Become a member and get exclusive access to articles, live sessions and more!
Start Your Free Trial

Billy Cobham : Drum ‘n’ Voice Vol. 2

JazzTimes may earn a small commission if you buy something using one of the retail links in our articles. JazzTimes does not accept money for any editorial recommendations. Read more about our policy here. Thanks for supporting JazzTimes.

This powerhouse all-star project, produced by the Italian family band Novecento, reunites the iconic fusion drummer with several of his fuzoid colleagues, including former Mahavishnu Orchestra bandmate Jan Hammer, keyboardist Brian Auger, guitarist Frank Gambale (who toured with Cobham in 2003 as part of his 30th anniversary Spectrum Band) and percussionist Airto (who played alongside Cobham on 1969’s Bitches Brew sessions). Fellow drummer Buddy Miles turns up in a vocal role, providing a nasty, Johnny Guitar Watson-esque reading on the aptly named “Real Funk,” which also contains a typically mind-boggling Gambale guitar solo chockful of his patented sweep picking licks. Auger turns in a blazing synth solo on the opener, “Waveform,” dropping in a quote from “Freedom Jazz Dance” along the way and bassist John Patitucci contributes a remarkably fluid six-string electric bass solo on the 7/4 vehicle “Take Seven.”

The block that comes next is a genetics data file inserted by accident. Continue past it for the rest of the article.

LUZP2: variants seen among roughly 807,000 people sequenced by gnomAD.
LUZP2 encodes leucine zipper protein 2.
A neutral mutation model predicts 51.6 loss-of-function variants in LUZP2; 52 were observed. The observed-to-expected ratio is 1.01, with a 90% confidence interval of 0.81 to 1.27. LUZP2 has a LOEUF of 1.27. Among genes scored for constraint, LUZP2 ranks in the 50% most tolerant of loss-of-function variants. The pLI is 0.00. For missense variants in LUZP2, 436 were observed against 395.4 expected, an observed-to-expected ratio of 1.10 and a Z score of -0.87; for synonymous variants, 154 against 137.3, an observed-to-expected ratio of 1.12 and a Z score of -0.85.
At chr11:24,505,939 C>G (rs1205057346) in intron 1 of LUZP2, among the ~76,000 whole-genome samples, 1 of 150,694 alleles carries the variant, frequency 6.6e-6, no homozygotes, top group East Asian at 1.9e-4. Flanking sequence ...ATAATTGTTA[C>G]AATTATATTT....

On the explosive fusion number “Running,” Cobham interacts with the members of Novecento, including siblings Pino Nicolosi on keyboards, speed merchant brother Lino on wailing, Di Meola-styled electric guitar and sister Rossana on ultra-grooving, Jaco-esque electric bass. Tons of notey fireworks ensue, including some exhilarating exchanges of eights between brothers Pino and Lino in classic ’70s fusion fashion. Elsewhere on this players’ outing, Cobham engages in free-spirited, highly interactive duets with Airto on “Ozone (Part 1)” and on the Brazilian samba “Amazon,” then goes toe-to-toe with keyboardist Hammer and electric bass virtuoso Jeff Berlin on the Weather Report-ish “Ozone (Part 2).” Throughout it all, Cobham sounds as crisp, slamming and spectacular as he did some 30-plus years ago.